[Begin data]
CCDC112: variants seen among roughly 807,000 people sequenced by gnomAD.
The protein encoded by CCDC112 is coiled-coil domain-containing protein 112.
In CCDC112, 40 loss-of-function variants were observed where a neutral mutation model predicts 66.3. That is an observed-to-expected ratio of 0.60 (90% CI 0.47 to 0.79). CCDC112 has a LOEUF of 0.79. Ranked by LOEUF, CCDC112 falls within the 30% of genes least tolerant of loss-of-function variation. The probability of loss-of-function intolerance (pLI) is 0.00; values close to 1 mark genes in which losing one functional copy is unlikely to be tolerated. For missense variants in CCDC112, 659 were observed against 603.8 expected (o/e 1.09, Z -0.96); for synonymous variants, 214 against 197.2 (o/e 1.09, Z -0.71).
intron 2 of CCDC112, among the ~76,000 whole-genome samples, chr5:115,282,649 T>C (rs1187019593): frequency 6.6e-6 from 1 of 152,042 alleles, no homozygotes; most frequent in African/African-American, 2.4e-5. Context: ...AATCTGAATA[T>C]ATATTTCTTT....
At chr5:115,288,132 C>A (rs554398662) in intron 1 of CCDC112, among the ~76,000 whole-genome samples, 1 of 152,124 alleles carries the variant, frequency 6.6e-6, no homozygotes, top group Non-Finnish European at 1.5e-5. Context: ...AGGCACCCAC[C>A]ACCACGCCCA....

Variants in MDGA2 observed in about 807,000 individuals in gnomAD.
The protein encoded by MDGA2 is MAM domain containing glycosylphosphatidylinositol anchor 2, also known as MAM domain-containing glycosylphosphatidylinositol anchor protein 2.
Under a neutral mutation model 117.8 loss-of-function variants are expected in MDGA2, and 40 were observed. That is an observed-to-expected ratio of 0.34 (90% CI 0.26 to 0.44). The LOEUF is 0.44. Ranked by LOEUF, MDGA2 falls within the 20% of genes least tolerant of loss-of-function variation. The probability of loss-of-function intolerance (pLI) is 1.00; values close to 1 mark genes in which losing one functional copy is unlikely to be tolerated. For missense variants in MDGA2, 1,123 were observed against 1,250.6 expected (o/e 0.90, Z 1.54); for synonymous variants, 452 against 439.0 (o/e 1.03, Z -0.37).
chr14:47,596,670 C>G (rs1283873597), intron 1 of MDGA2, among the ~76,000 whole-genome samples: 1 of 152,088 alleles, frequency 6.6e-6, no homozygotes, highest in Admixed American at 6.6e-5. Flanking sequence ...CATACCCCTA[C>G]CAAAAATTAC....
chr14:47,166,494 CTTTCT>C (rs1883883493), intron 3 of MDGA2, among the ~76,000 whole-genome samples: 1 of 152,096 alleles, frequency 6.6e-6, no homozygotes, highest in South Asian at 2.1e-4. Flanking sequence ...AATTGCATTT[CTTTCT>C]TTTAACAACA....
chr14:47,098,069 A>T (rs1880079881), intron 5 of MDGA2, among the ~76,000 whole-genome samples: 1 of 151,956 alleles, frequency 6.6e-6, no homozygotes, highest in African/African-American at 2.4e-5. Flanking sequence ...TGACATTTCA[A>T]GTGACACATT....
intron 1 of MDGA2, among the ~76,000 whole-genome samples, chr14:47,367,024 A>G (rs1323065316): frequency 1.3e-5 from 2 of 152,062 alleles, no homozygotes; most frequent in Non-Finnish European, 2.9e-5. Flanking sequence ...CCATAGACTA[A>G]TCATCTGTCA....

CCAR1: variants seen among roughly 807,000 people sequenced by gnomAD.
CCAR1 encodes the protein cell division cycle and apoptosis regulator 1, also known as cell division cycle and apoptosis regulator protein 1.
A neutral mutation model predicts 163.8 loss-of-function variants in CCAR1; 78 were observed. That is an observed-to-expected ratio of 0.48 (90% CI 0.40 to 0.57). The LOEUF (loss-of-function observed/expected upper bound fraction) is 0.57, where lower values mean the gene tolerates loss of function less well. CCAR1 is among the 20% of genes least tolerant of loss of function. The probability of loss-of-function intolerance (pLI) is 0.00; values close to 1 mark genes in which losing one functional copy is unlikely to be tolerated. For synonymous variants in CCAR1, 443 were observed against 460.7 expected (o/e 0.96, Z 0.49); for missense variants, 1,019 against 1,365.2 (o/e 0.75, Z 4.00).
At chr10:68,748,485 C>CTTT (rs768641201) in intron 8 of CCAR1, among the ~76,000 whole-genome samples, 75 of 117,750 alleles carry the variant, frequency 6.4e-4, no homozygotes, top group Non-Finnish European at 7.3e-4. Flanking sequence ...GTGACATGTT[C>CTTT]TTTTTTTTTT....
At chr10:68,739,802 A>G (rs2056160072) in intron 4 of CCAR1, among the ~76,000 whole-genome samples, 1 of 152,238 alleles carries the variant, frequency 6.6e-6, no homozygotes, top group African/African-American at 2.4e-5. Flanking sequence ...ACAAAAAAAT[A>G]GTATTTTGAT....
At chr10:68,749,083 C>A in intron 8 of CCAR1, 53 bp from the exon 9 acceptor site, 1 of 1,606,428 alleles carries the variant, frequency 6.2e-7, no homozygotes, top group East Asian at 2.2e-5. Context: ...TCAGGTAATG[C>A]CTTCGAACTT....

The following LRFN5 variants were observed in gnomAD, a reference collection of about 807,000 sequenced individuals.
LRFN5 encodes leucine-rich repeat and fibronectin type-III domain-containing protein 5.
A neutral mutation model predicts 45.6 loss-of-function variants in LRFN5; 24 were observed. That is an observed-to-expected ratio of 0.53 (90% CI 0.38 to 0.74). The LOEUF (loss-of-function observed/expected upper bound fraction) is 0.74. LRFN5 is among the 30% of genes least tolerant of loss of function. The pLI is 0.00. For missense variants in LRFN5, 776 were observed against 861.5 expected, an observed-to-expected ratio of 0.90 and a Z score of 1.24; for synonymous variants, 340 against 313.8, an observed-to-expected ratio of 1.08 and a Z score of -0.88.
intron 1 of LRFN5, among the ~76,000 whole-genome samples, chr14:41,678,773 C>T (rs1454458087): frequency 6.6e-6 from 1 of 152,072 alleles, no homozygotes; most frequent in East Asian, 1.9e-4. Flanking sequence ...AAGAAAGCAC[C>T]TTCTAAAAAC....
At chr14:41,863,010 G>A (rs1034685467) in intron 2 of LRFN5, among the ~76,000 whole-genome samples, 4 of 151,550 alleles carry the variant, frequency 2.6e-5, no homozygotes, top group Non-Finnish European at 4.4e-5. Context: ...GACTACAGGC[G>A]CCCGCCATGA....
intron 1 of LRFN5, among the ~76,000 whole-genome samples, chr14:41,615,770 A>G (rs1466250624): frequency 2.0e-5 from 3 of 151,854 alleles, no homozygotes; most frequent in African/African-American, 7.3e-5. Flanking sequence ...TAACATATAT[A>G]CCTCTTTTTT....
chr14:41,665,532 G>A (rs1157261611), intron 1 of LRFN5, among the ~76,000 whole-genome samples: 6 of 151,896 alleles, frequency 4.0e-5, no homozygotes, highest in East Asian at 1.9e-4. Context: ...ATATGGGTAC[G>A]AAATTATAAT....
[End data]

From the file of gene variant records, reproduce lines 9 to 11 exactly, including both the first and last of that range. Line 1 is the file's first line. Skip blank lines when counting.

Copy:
chr14:47,596,670 C>G (rs1283873597), intron 1 of MDGA2, among the ~76,000 whole-genome samples: 1 of 152,088 alleles, frequency 6.6e-6, no homozygotes, highest in Admixed American at 6.6e-5. Flanking sequence ...CATACCCCTA[C>G]CAAAAATTAC....
chr14:47,166,494 CTTTCT>C (rs1883883493), intron 3 of MDGA2, among the ~76,000 whole-genome samples: 1 of 152,096 alleles, frequency 6.6e-6, no homozygotes, highest in South Asian at 2.1e-4. Flanking sequence ...AATTGCATTT[CTTTCT>C]TTTAACAACA....
chr14:47,098,069 A>T (rs1880079881), intron 5 of MDGA2, among the ~76,000 whole-genome samples: 1 of 151,956 alleles, frequency 6.6e-6, no homozygotes, highest in African/African-American at 2.4e-5. Flanking sequence ...TGACATTTCA[A>T]GTGACACATT....